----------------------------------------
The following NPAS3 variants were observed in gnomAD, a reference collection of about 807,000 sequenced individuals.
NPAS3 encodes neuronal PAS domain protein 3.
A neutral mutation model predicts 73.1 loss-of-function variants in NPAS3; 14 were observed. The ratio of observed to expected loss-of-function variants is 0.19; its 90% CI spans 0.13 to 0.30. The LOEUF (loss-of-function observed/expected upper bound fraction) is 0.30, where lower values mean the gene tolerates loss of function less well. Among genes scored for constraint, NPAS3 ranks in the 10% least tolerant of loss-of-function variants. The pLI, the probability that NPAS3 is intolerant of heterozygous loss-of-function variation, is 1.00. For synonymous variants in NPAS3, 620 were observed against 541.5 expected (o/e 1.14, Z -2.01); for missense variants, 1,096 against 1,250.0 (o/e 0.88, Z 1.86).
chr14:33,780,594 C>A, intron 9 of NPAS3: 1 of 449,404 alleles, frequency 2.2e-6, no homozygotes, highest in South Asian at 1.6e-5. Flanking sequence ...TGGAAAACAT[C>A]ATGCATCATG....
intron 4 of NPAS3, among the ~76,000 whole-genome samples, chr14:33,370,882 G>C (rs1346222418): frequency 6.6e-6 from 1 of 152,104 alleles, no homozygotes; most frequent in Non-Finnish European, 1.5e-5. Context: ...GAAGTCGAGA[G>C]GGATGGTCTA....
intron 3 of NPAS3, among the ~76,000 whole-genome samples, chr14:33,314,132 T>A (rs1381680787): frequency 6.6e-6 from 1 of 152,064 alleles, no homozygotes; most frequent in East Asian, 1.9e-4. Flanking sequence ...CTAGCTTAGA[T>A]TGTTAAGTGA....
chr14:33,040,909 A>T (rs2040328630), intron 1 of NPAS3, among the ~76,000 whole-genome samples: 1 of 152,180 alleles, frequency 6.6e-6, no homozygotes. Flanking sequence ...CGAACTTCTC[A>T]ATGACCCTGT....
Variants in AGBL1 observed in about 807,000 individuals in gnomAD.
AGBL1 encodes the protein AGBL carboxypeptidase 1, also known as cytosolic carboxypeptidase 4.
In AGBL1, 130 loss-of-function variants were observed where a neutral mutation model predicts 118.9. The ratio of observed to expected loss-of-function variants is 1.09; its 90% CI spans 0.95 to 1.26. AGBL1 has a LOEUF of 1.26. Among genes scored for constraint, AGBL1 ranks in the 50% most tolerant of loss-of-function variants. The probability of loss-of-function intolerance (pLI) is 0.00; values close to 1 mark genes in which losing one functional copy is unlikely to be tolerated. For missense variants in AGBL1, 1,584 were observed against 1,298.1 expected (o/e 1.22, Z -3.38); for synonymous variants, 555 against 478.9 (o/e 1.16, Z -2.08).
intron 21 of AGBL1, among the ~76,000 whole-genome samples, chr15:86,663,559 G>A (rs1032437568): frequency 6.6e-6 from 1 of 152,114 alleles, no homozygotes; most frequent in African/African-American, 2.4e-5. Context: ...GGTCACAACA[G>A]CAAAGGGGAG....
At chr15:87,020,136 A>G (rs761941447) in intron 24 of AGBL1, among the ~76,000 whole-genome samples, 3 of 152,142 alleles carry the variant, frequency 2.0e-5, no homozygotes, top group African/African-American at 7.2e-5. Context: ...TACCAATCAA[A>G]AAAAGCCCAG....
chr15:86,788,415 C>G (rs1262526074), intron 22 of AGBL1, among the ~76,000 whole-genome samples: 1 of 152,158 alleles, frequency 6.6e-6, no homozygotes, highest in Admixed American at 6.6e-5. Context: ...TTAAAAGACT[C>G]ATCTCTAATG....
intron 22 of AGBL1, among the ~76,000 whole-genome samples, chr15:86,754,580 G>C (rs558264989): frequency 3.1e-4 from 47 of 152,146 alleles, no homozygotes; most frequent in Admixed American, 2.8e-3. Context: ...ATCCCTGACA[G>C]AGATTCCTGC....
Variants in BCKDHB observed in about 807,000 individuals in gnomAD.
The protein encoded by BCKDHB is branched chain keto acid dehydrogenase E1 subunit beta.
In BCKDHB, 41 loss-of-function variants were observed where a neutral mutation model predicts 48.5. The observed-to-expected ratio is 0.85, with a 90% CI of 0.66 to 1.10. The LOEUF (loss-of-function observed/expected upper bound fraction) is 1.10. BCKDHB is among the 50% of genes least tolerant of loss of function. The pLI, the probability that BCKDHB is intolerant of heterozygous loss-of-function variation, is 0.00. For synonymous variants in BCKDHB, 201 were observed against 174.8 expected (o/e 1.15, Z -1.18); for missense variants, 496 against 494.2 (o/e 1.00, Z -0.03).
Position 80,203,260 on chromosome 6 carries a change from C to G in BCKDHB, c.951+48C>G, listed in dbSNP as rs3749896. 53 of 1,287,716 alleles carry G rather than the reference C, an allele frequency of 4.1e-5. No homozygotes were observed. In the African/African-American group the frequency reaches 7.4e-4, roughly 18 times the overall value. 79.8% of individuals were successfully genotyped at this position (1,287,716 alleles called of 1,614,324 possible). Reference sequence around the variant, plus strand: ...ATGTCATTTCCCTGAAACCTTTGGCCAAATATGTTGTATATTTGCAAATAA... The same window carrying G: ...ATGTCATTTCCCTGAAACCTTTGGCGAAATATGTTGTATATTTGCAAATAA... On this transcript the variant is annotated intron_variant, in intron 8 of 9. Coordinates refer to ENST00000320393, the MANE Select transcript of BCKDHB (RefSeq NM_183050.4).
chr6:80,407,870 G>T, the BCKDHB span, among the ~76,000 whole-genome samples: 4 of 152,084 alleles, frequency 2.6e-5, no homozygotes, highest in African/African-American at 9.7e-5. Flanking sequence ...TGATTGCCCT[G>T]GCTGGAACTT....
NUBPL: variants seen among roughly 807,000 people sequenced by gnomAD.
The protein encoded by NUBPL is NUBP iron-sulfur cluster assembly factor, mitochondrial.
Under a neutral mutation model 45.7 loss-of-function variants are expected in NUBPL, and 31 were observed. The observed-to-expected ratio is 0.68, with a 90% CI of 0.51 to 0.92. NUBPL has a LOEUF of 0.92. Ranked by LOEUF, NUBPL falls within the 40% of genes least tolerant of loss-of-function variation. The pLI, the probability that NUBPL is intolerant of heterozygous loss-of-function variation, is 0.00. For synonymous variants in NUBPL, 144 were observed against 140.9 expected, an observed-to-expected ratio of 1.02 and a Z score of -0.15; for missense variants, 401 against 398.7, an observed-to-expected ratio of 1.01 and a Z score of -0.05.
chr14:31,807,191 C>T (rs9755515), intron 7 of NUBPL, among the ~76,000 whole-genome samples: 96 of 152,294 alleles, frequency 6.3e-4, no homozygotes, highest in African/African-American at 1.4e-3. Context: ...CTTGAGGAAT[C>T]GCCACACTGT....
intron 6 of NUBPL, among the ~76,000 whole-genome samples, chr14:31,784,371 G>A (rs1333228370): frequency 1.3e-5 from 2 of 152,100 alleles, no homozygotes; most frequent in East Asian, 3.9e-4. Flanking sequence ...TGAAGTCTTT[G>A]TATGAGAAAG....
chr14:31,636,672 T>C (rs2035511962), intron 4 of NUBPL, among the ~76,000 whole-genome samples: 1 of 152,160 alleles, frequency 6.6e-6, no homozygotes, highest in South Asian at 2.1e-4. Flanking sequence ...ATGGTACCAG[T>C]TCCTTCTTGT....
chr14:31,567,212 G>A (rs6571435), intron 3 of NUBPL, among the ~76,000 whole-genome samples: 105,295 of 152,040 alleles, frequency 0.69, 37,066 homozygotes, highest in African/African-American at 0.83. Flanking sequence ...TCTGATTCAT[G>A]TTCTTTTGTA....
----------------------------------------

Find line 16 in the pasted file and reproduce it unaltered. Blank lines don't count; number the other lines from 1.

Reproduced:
The protein encoded by BCKDHB is branched chain keto acid dehydrogenase E1 subunit beta.